Page 4 of 14
- Darby Doyle
Shut Your Lid and Can It
All hail the Mason jar!
By Darby Doyle
There are times in life when even the most adept homemaker must defer to the experts. For instance, I still don't understand how electricity works, so I'm not going to dive in screwdriver-first with the attitude, "Welp, I'll just mess around with these here wires and hope for the best."
Canning, my friends, is in the same category for food science. You just don't fuck around with botulism.
Unlike a lot of my friends who are brand new to canning, I grew up in kitchens where "putting up" our household bounty was a year-round endeavor. I took jars of my mom's homemade plum jam to college to slather on biscuits when I was feeling homesick (Hello, freshman 15). At my Grandma Audra Belle's farmhouse kitchen, we regularly dragged out her heavy pressure canner to preserve their steelhead haul, venison stew, chicken stock or garden tomatoes.
Years later, I started out my first solo canning season with a mish-mash of inherited canning equipment, jars I picked up at Deseret Industries and a stack of earmarked cookbooks. The super-cautious side of me thought it might be a good idea to check in with the most up-to-date info on the food science side of things. Again, botulism. No bueno.
Also, I was seriously shook from hearing horror stories of exploding pressure cookers and suspect jar seals. In retrospect, I realized my grandma had probably played a little fast and loose with the chemistry side of things and relied on memory for most of her recipes. My husband was convinced that I was going to kill us all if I didn't do a little modern recon.
It was time for a reboot.
Fortunately for we denizens of Deseret, there are plenty of free or very affordable professional mentoring programs out there to make sure people are approaching canning with safety and confidence. Several years ago, I took a few community outreach classes led by the Canning Queen of SLC, Alison Einerson, and other local experts. There, they covered the fundamental science and protocols for safely preserving the basics: pickles, salsa and jam. These "Summer in a Jar" workshops are now run by Urban Food Connections of Utah in partnership with Slow Food Utah and Harmons Grocery (see more at slcfarmersmarket.org).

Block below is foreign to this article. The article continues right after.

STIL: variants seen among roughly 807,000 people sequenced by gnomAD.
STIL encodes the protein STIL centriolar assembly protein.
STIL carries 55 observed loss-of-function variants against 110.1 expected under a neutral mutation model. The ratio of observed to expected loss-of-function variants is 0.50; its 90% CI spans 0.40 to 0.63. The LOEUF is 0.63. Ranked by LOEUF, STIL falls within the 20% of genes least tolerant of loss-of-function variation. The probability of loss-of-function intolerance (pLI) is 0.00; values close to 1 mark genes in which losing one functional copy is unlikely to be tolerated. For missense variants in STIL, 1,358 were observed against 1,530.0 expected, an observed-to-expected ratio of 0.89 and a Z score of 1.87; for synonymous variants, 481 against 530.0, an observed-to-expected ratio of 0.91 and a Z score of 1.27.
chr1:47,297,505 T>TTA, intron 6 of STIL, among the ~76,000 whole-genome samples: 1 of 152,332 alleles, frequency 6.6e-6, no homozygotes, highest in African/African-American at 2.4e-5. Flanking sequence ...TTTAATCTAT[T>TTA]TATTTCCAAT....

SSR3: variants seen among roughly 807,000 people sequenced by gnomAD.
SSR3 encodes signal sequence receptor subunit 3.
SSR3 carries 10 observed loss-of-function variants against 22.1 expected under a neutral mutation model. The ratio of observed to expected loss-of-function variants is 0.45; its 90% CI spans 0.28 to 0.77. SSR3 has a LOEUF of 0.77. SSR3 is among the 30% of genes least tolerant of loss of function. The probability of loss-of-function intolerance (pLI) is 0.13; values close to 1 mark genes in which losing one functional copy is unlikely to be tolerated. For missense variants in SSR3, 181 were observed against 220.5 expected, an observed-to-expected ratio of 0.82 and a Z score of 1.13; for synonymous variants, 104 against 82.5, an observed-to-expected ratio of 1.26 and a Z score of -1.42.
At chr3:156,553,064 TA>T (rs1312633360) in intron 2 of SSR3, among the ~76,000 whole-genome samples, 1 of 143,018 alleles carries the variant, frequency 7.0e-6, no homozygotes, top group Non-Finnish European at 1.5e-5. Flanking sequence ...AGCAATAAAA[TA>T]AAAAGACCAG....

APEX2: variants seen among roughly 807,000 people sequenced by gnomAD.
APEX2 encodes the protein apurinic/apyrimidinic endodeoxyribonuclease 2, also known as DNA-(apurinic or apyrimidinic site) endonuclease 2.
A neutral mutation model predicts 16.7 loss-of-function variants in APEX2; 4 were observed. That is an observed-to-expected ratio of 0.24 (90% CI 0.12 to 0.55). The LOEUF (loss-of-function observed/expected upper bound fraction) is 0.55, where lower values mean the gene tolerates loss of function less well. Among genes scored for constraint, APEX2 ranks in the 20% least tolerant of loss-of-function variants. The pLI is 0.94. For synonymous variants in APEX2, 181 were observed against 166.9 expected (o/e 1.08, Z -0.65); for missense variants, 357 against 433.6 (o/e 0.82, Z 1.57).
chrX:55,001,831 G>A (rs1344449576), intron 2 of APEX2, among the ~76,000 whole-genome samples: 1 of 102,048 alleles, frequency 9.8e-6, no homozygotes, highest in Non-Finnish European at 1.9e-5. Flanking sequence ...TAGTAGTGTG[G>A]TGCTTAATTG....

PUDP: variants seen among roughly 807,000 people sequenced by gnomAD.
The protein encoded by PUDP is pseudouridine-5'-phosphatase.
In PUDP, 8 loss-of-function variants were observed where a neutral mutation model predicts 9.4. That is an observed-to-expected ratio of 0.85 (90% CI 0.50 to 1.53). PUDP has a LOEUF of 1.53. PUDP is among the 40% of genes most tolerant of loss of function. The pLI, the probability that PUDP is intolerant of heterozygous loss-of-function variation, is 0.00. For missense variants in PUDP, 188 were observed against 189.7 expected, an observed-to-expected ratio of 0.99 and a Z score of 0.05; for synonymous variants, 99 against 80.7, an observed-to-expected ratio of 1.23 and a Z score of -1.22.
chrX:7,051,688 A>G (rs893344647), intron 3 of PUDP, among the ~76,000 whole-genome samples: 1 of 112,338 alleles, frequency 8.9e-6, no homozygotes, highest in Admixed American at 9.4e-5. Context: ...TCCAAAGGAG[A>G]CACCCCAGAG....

Take-aways from those early days of my canning re-education? Trust the science.
Like assembling pesky IKEA furniture and setting the cable remote, following the goddamn directions will save you a lot of time and grief when it comes to canning. It's crucial to have enough acid involved to inhibit dangerous cooties from taking over—in pickles that usually comes from vinegar; in jams and jellies, lemon juice. Einerson was adamant on this point: use recently-published cookbooks and recipes developed under laboratory conditions where they've established reliable pH levels. Meticulously clean your equipment. Also, most recipes are developed at sea level, so canning at higher elevation requires adding more minutes to the total processing time (there are charts; use them). If in doubt, defer to the long-standing Mason jar experts at Ball & Kerr (freshpreserving.com). These folks know their shit.
Next up? Getting over my terror of pressure canning. While water bath (you know, the boiling water method) preservation works by creating a sealed environment detrimental to microbial growth via high acid levels, pressure canning is used whenever you're putting up low-acid foods like meat, broth and most fresh-from-the-garden veggies.
Fortunately, the established go-to pros at Utah State University have this topic covered in depth on the USU Extension websites (livewellutah.org and canning.usu.edu). I signed up to learn more about advanced food preservation techniques as part of their Master Preserver Program, with week-long classes held all over Utah (extension.usu.edu/masterfoodpreserver).
Boy howdy, y'all, it was a jam-packed (heh, heh) week of eye-opening food science wonder. During the classes I attended at the Utah State Fairpark, instructors dove deep into the biology and chemistry of the myriad ways food storage can go wrong, including graphic descriptions of food-borne illness that will give you potluck potato salad aversion for life. They also covered the gamut of home-preserving methods, from dehydrating fruit to freeze-drying vegetables, fermenting foods to making a plethora of pickles. At the end of the week, the couple-dozen happy attendees celebrated with a delicious meal made from the class' hands-on efforts.
And yes, I finally got over my fear of the pressure canner.